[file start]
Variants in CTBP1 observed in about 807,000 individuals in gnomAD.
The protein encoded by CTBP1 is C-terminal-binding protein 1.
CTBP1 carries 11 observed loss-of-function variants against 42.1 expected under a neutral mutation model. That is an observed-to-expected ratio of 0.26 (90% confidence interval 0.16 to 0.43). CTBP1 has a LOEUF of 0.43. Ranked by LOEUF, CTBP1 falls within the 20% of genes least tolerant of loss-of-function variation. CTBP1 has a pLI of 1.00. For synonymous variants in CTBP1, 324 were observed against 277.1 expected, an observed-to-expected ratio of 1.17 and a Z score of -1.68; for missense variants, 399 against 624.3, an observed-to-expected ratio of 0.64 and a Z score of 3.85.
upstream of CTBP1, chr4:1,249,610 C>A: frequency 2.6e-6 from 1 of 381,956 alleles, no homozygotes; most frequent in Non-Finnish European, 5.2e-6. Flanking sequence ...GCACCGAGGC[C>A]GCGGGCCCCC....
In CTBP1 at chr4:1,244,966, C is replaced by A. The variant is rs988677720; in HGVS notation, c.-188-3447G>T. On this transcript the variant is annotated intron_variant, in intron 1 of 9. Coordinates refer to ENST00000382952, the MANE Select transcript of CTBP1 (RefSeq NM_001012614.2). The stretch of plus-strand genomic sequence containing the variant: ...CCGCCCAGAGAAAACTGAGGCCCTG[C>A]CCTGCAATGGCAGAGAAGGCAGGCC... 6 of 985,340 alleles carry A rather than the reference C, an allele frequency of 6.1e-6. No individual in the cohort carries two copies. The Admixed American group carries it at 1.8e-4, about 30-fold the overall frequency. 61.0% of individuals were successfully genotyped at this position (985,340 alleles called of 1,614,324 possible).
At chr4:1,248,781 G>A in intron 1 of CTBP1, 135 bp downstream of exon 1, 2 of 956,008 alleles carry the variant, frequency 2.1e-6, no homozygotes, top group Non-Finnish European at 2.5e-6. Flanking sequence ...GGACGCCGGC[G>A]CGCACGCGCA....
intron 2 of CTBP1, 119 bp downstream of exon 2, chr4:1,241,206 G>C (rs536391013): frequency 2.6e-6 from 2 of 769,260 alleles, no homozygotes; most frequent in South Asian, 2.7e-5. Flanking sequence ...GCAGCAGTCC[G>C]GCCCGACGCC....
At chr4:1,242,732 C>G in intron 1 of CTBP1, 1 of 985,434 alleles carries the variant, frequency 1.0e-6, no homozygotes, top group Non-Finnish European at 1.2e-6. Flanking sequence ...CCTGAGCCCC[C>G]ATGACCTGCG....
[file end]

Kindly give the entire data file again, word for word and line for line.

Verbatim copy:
Variants in CTBP1 observed in about 807,000 individuals in gnomAD.
The protein encoded by CTBP1 is C-terminal-binding protein 1.
CTBP1 carries 11 observed loss-of-function variants against 42.1 expected under a neutral mutation model. That is an observed-to-expected ratio of 0.26 (90% confidence interval 0.16 to 0.43). CTBP1 has a LOEUF of 0.43. Ranked by LOEUF, CTBP1 falls within the 20% of genes least tolerant of loss-of-function variation. CTBP1 has a pLI of 1.00. For synonymous variants in CTBP1, 324 were observed against 277.1 expected, an observed-to-expected ratio of 1.17 and a Z score of -1.68; for missense variants, 399 against 624.3, an observed-to-expected ratio of 0.64 and a Z score of 3.85.
upstream of CTBP1, chr4:1,249,610 C>A: frequency 2.6e-6 from 1 of 381,956 alleles, no homozygotes; most frequent in Non-Finnish European, 5.2e-6. Flanking sequence ...GCACCGAGGC[C>A]GCGGGCCCCC....
In CTBP1 at chr4:1,244,966, C is replaced by A. The variant is rs988677720; in HGVS notation, c.-188-3447G>T. On this transcript the variant is annotated intron_variant, in intron 1 of 9. Coordinates refer to ENST00000382952, the MANE Select transcript of CTBP1 (RefSeq NM_001012614.2). The stretch of plus-strand genomic sequence containing the variant: ...CCGCCCAGAGAAAACTGAGGCCCTG[C>A]CCTGCAATGGCAGAGAAGGCAGGCC... 6 of 985,340 alleles carry A rather than the reference C, an allele frequency of 6.1e-6. No individual in the cohort carries two copies. The Admixed American group carries it at 1.8e-4, about 30-fold the overall frequency. 61.0% of individuals were successfully genotyped at this position (985,340 alleles called of 1,614,324 possible).
At chr4:1,248,781 G>A in intron 1 of CTBP1, 135 bp downstream of exon 1, 2 of 956,008 alleles carry the variant, frequency 2.1e-6, no homozygotes, top group Non-Finnish European at 2.5e-6. Flanking sequence ...GGACGCCGGC[G>A]CGCACGCGCA....
intron 2 of CTBP1, 119 bp downstream of exon 2, chr4:1,241,206 G>C (rs536391013): frequency 2.6e-6 from 2 of 769,260 alleles, no homozygotes; most frequent in South Asian, 2.7e-5. Flanking sequence ...GCAGCAGTCC[G>C]GCCCGACGCC....
At chr4:1,242,732 C>G in intron 1 of CTBP1, 1 of 985,434 alleles carries the variant, frequency 1.0e-6, no homozygotes, top group Non-Finnish European at 1.2e-6. Flanking sequence ...CCTGAGCCCC[C>G]ATGACCTGCG....